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In a rather unique unreported case, the Appellate Division recently held that a drive to the normal work site can be considered compensable on the facts in Minter v. Mattson,A-1916-15T4 (App. Div. May 10, 2018). The case involved a kitchen worker, Antoine Minter, who called out of work due to a heavy snow storm that started the night before. Minter advised his supervisor, Dan Beggs, the executive chef, that he had to miss his morning shift since the morning bus to work was not running on account of the snow storm.
The food service in the dining hall was essential, so the dining director, John Lear, came up with an alternative plan to get Minter to work. Lear contacted Beggs, who advised the dining supervisor, William Mattson, to pick up Minter on the way to work since both Minter and Mattson lived in the same town. According to Minter’s testimony, Mattson told him that Beggs made clear that Minter had to come in during the snowstorm. Minter testified that he thought he would be fired if he refused. The two men had ridden together to work before. Mattson picked up Minter while the storm was still heavy and roads were ice-packed. Mattson lost control of the car he was driving, entering the path of an oncoming pick-up truck. In the collision, Minter suffered two broken legs, fractured ribs, and a deep laceration to his left arm.
The case was heard in Superior Court because Minter tried to bring a civil suit against Mattson and his employers. The outcome of the civil suit depended largely on whether the two men were in the course of their employment. The employers argued that Minter’s only remedy was workers’ compensation and moved to dismiss the civil law suit. Later the workers’ compensation carrier for the employer, Manufacturers Alliance Insurance Company, was joined in the suit, and the compensation carrier argued that Minter was not in the course of his employment because he was just on his way to work. The compensation carrier argued that travel to and from work is excluded under N.J.S.A. 34:15-36. The special mission exception only applies to trips away from the employer’s place of business.
Minter argued that he was compelled to perform an activity that he would not have otherwise engaged in, since he had called out that morning. He relied on the case of Lozano v. Frank Deluca Constr., 178 N.J. 513 (2004), which held that an otherwise excluded activity may be deemed compensable if the employer compels the activity and if the employee has a reasonable basis to believe that participation in the activity is compelled.
The compensation carrier argued that the principle of compulsion could not be applied to drives to and from work because attendance at work is compelled for all employees. All employees are subject to termination if they fail to report to work. But the Appellate Division disagreed: “In one sense, travel to and from work is always compelled. Employers set work schedules and employees are generally expected to comply. Those who do not comply usually risk losing their jobs. But, the compulsion in Minter’s case was specific and exceptional. Minter had already called out for the day. Thus, if he could establish that his employer compelled his non-work-related activity – the journey to work in a co-worker’s vehicle on a day he had already announced he would not work – the accident would be covered.”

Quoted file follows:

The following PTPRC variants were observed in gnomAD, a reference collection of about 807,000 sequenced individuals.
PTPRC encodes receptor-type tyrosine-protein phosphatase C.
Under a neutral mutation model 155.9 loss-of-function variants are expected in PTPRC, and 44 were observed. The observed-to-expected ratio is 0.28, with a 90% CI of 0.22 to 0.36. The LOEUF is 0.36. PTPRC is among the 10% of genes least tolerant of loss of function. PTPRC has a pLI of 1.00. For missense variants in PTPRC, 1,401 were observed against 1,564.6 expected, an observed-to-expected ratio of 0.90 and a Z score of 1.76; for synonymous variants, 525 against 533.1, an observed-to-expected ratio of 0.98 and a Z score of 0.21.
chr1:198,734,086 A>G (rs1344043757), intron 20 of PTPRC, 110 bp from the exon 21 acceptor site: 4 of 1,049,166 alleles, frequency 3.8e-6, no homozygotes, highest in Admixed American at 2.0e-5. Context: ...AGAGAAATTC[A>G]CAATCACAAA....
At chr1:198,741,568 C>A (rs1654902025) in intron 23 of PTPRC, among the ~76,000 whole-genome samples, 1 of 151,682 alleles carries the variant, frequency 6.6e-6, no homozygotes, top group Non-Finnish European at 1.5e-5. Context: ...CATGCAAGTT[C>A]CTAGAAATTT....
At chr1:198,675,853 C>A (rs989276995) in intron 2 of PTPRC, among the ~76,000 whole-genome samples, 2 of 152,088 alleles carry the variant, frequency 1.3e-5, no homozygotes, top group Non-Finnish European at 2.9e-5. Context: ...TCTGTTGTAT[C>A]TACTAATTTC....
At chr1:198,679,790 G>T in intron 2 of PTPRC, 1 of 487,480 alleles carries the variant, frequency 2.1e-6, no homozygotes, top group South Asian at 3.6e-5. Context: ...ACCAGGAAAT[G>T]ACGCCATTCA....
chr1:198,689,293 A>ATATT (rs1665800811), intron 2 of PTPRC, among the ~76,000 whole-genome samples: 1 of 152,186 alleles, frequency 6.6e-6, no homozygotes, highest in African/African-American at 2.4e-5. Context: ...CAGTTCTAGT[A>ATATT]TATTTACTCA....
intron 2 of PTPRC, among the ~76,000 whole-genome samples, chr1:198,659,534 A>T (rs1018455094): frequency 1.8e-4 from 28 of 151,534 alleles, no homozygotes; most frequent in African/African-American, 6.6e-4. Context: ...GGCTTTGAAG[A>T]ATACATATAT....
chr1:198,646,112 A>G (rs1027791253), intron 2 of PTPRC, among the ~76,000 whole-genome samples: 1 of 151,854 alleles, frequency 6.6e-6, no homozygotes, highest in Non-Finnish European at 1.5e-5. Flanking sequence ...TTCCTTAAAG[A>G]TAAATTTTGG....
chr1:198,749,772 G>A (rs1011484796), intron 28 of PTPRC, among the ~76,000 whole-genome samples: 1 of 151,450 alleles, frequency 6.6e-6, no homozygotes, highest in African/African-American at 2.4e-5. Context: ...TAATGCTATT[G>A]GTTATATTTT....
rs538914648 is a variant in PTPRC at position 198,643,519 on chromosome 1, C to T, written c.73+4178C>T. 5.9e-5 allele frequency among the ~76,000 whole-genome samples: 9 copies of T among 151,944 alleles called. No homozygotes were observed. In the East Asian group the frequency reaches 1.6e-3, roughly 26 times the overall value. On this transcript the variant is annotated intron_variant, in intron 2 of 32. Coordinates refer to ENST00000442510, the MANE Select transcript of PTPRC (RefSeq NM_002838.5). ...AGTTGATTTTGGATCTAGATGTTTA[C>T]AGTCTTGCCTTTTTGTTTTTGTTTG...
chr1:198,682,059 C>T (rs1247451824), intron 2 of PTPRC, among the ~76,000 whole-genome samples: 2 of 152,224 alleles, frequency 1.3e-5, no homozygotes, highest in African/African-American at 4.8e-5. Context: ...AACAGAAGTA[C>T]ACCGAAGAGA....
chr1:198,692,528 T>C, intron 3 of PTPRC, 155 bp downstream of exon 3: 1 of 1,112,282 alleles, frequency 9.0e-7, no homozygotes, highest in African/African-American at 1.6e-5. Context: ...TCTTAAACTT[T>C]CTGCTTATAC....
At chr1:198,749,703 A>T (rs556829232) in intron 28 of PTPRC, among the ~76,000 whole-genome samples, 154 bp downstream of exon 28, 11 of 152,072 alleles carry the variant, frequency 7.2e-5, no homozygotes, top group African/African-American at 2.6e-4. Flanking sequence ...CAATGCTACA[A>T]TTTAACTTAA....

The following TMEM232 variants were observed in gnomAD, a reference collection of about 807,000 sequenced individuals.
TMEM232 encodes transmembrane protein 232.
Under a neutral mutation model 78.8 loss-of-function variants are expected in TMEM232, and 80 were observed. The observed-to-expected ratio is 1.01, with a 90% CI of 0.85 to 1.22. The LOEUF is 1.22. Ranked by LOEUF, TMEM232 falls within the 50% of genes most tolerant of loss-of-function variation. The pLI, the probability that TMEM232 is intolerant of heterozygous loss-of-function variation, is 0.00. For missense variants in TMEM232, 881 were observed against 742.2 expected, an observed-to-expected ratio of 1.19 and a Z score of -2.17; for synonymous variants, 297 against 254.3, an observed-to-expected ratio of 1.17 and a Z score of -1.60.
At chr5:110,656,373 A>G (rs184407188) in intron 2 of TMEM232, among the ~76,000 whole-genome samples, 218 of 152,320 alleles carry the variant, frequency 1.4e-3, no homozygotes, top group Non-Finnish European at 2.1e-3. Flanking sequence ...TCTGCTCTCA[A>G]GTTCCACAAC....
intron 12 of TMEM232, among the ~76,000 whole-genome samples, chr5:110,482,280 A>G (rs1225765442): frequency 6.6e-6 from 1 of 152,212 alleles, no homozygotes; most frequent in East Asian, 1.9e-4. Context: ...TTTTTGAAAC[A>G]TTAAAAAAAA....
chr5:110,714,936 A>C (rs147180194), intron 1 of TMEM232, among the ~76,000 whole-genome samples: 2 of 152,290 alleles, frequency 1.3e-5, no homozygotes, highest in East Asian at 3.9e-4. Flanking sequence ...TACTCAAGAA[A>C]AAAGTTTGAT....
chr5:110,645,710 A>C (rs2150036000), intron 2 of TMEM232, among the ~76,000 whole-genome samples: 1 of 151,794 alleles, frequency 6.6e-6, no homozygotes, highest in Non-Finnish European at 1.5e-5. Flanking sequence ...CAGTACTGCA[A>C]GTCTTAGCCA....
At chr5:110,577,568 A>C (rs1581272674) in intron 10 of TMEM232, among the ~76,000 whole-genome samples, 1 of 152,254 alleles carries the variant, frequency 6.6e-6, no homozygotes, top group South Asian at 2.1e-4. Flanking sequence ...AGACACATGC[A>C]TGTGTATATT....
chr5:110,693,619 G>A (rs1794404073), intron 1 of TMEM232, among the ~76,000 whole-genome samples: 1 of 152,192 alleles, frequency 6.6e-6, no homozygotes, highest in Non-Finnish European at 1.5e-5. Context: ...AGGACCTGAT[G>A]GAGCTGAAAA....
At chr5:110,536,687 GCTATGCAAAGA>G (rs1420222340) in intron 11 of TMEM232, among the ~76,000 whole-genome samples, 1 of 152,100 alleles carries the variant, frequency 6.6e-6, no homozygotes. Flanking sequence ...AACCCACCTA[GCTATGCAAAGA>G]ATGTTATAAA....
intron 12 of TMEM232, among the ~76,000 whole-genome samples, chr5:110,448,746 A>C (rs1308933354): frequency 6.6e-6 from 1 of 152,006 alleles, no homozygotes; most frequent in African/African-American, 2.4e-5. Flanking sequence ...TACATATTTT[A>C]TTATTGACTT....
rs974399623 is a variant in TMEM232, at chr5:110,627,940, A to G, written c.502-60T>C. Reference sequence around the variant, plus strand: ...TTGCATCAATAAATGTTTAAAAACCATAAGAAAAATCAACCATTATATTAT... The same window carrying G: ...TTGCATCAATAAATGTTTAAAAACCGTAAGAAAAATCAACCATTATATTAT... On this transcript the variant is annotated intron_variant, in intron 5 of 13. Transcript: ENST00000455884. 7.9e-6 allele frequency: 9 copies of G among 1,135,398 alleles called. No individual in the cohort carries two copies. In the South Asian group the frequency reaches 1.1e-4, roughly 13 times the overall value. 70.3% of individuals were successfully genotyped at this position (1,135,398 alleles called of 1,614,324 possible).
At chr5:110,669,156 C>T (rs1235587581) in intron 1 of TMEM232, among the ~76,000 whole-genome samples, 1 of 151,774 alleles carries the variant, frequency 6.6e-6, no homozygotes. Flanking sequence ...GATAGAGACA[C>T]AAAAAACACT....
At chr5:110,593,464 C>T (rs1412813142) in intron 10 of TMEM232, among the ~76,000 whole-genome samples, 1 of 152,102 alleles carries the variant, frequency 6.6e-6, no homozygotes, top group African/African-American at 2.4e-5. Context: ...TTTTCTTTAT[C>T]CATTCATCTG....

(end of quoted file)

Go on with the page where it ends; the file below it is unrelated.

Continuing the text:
The Appellate Division also noted that Minter could have argued that he was involved in a ride-sharing arrangement under N.J.S.A. 34:15-36. That would have rendered his commute compensable. However, his attorney never made that argument. The Court emphasized that Minter’s belief that he might have been fired had he refused to come to work was objectively reasonable. “In sum, Minter was injured in the course of his employment, despite the fact that he was not yet at his employer’s premises, because his employer had compelled his travel to work with a co-worker on a day he had already informed his employer he was not going to come in.”
This is the first Appellate Division level decision since the 1979 Amendments to the workers’ compensation law which has embraced the concept of compensability of a drive to a normal work site based on compulsion. There is no reported case standing for this proposition. The normal rule is that one is not at work until one arrives at premises owned or controlled by the employer. Even though it is an unreported decision, this case is important because it charts new territory on compensability. The factual situation addressed in this case is one that does occur for employers with some frequency given severe weather conditions in the winter months. It remains to be seen whether this logic is eventually embraced in a reported decision.
Our thanks to Ron Siegel, Esq. for bringing this case to our attention.
John H. Geaney, Esq., is an Executive Committee Member and a Shareholder in Capehart Scatchard's Workers’ Compensation Group. Mr. Geaney concentrates his practice in the representation of employers, self-insured companies, third-party administrators, and insurance carriers in workers’ compensation, the Americans with Disabilities Act and Family and Medical Leave Act. Should you have any questions or would like more information, please contact Mr. Geaney at 856.914.2063 or by e‑mail at email@example.com.